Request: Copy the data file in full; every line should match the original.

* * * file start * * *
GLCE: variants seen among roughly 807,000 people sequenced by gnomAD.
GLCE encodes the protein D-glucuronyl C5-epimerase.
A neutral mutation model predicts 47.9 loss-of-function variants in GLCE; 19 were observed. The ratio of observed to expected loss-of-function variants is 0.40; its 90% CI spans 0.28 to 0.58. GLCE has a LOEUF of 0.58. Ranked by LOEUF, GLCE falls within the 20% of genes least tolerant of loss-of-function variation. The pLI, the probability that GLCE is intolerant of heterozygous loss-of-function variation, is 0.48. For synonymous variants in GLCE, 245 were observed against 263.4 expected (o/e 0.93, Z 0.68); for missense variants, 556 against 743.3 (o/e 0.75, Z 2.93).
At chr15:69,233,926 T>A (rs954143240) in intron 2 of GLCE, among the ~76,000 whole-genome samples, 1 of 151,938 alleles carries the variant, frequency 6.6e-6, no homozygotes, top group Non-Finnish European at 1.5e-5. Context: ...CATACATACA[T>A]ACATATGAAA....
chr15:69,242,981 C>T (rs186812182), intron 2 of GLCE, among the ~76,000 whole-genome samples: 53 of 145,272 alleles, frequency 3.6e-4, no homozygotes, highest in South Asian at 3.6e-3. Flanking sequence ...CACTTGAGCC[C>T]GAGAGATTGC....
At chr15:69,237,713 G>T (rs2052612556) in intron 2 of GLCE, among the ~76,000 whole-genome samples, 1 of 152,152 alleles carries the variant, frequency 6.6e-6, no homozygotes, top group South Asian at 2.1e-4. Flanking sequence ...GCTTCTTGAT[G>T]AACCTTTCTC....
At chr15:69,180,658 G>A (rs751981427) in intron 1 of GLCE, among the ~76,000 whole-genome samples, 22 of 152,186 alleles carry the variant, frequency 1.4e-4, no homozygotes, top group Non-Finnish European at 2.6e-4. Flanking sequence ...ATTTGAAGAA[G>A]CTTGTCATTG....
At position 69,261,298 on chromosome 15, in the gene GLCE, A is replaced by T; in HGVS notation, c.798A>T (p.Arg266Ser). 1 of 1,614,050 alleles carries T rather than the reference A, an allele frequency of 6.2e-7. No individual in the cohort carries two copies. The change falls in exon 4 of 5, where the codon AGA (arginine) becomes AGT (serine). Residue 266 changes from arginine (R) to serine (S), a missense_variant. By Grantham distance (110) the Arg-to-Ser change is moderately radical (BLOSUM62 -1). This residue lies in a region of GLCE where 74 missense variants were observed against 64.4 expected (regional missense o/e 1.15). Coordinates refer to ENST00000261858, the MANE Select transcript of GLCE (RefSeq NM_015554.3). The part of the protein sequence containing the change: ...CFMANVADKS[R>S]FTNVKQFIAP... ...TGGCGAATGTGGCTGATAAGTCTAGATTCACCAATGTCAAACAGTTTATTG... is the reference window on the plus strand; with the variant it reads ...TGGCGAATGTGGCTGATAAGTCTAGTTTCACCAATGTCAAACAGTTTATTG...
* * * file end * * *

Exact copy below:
GLCE: variants seen among roughly 807,000 people sequenced by gnomAD.
GLCE encodes the protein D-glucuronyl C5-epimerase.
A neutral mutation model predicts 47.9 loss-of-function variants in GLCE; 19 were observed. The ratio of observed to expected loss-of-function variants is 0.40; its 90% CI spans 0.28 to 0.58. GLCE has a LOEUF of 0.58. Ranked by LOEUF, GLCE falls within the 20% of genes least tolerant of loss-of-function variation. The pLI, the probability that GLCE is intolerant of heterozygous loss-of-function variation, is 0.48. For synonymous variants in GLCE, 245 were observed against 263.4 expected (o/e 0.93, Z 0.68); for missense variants, 556 against 743.3 (o/e 0.75, Z 2.93).
At chr15:69,233,926 T>A (rs954143240) in intron 2 of GLCE, among the ~76,000 whole-genome samples, 1 of 151,938 alleles carries the variant, frequency 6.6e-6, no homozygotes, top group Non-Finnish European at 1.5e-5. Context: ...CATACATACA[T>A]ACATATGAAA....
chr15:69,242,981 C>T (rs186812182), intron 2 of GLCE, among the ~76,000 whole-genome samples: 53 of 145,272 alleles, frequency 3.6e-4, no homozygotes, highest in South Asian at 3.6e-3. Flanking sequence ...CACTTGAGCC[C>T]GAGAGATTGC....
At chr15:69,237,713 G>T (rs2052612556) in intron 2 of GLCE, among the ~76,000 whole-genome samples, 1 of 152,152 alleles carries the variant, frequency 6.6e-6, no homozygotes, top group South Asian at 2.1e-4. Flanking sequence ...GCTTCTTGAT[G>T]AACCTTTCTC....
At chr15:69,180,658 G>A (rs751981427) in intron 1 of GLCE, among the ~76,000 whole-genome samples, 22 of 152,186 alleles carry the variant, frequency 1.4e-4, no homozygotes, top group Non-Finnish European at 2.6e-4. Flanking sequence ...ATTTGAAGAA[G>A]CTTGTCATTG....
At position 69,261,298 on chromosome 15, in the gene GLCE, A is replaced by T; in HGVS notation, c.798A>T (p.Arg266Ser). 1 of 1,614,050 alleles carries T rather than the reference A, an allele frequency of 6.2e-7. No individual in the cohort carries two copies. The change falls in exon 4 of 5, where the codon AGA (arginine) becomes AGT (serine). Residue 266 changes from arginine (R) to serine (S), a missense_variant. By Grantham distance (110) the Arg-to-Ser change is moderately radical (BLOSUM62 -1). This residue lies in a region of GLCE where 74 missense variants were observed against 64.4 expected (regional missense o/e 1.15). Coordinates refer to ENST00000261858, the MANE Select transcript of GLCE (RefSeq NM_015554.3). The part of the protein sequence containing the change: ...CFMANVADKS[R>S]FTNVKQFIAP... ...TGGCGAATGTGGCTGATAAGTCTAGATTCACCAATGTCAAACAGTTTATTG... is the reference window on the plus strand; with the variant it reads ...TGGCGAATGTGGCTGATAAGTCTAGTTTCACCAATGTCAAACAGTTTATTG...